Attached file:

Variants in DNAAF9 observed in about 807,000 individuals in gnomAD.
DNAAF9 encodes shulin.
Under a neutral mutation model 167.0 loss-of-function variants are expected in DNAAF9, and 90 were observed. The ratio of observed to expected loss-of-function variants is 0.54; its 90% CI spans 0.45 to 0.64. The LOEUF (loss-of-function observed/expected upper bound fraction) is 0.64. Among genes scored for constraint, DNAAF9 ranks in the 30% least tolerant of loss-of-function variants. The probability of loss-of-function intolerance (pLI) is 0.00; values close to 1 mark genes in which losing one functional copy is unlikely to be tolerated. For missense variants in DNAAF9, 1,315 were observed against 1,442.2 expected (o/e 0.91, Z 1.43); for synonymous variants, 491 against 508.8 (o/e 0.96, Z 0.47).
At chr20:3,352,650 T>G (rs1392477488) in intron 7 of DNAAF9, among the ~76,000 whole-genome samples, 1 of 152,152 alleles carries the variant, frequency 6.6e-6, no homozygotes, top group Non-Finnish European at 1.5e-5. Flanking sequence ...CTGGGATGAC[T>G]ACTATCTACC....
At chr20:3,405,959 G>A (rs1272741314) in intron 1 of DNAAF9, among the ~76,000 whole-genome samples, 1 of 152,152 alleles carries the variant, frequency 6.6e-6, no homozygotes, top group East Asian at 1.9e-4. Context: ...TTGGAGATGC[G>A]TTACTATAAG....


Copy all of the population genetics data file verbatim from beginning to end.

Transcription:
Variants in DNAAF9 observed in about 807,000 individuals in gnomAD.
DNAAF9 encodes shulin.
Under a neutral mutation model 167.0 loss-of-function variants are expected in DNAAF9, and 90 were observed. The ratio of observed to expected loss-of-function variants is 0.54; its 90% CI spans 0.45 to 0.64. The LOEUF (loss-of-function observed/expected upper bound fraction) is 0.64. Among genes scored for constraint, DNAAF9 ranks in the 30% least tolerant of loss-of-function variants. The probability of loss-of-function intolerance (pLI) is 0.00; values close to 1 mark genes in which losing one functional copy is unlikely to be tolerated. For missense variants in DNAAF9, 1,315 were observed against 1,442.2 expected (o/e 0.91, Z 1.43); for synonymous variants, 491 against 508.8 (o/e 0.96, Z 0.47).
At chr20:3,352,650 T>G (rs1392477488) in intron 7 of DNAAF9, among the ~76,000 whole-genome samples, 1 of 152,152 alleles carries the variant, frequency 6.6e-6, no homozygotes, top group Non-Finnish European at 1.5e-5. Flanking sequence ...CTGGGATGAC[T>G]ACTATCTACC....
At chr20:3,405,959 G>A (rs1272741314) in intron 1 of DNAAF9, among the ~76,000 whole-genome samples, 1 of 152,152 alleles carries the variant, frequency 6.6e-6, no homozygotes, top group East Asian at 1.9e-4. Context: ...TTGGAGATGC[G>A]TTACTATAAG....